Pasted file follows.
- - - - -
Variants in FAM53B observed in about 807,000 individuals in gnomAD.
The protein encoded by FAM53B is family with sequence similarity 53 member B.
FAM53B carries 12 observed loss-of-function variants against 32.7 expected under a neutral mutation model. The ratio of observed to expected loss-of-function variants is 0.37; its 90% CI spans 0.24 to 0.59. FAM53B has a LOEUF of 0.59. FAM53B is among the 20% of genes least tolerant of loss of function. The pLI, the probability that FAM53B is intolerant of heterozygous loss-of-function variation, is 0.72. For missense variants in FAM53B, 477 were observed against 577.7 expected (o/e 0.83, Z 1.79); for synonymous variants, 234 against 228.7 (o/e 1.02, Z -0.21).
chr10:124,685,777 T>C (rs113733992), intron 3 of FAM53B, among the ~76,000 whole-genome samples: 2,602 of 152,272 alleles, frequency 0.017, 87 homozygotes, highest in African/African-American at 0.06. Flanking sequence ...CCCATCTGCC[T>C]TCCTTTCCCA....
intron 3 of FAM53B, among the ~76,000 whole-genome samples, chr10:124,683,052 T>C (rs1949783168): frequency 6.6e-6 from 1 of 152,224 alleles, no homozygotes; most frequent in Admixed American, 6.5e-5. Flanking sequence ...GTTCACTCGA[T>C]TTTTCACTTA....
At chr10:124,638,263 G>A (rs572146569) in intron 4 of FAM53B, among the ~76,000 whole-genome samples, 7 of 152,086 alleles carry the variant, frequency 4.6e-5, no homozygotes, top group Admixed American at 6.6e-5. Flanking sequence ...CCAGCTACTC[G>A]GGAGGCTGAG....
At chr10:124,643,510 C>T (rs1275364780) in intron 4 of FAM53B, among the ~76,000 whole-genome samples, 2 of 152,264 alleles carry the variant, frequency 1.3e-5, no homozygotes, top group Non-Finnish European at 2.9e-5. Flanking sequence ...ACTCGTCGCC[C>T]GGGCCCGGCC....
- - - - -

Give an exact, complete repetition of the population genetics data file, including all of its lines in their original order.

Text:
Variants in FAM53B observed in about 807,000 individuals in gnomAD.
The protein encoded by FAM53B is family with sequence similarity 53 member B.
FAM53B carries 12 observed loss-of-function variants against 32.7 expected under a neutral mutation model. The ratio of observed to expected loss-of-function variants is 0.37; its 90% CI spans 0.24 to 0.59. FAM53B has a LOEUF of 0.59. FAM53B is among the 20% of genes least tolerant of loss of function. The pLI, the probability that FAM53B is intolerant of heterozygous loss-of-function variation, is 0.72. For missense variants in FAM53B, 477 were observed against 577.7 expected (o/e 0.83, Z 1.79); for synonymous variants, 234 against 228.7 (o/e 1.02, Z -0.21).
chr10:124,685,777 T>C (rs113733992), intron 3 of FAM53B, among the ~76,000 whole-genome samples: 2,602 of 152,272 alleles, frequency 0.017, 87 homozygotes, highest in African/African-American at 0.06. Flanking sequence ...CCCATCTGCC[T>C]TCCTTTCCCA....
intron 3 of FAM53B, among the ~76,000 whole-genome samples, chr10:124,683,052 T>C (rs1949783168): frequency 6.6e-6 from 1 of 152,224 alleles, no homozygotes; most frequent in Admixed American, 6.5e-5. Flanking sequence ...GTTCACTCGA[T>C]TTTTCACTTA....
At chr10:124,638,263 G>A (rs572146569) in intron 4 of FAM53B, among the ~76,000 whole-genome samples, 7 of 152,086 alleles carry the variant, frequency 4.6e-5, no homozygotes, top group Admixed American at 6.6e-5. Flanking sequence ...CCAGCTACTC[G>A]GGAGGCTGAG....
At chr10:124,643,510 C>T (rs1275364780) in intron 4 of FAM53B, among the ~76,000 whole-genome samples, 2 of 152,264 alleles carry the variant, frequency 1.3e-5, no homozygotes, top group Non-Finnish European at 2.9e-5. Flanking sequence ...ACTCGTCGCC[C>T]GGGCCCGGCC....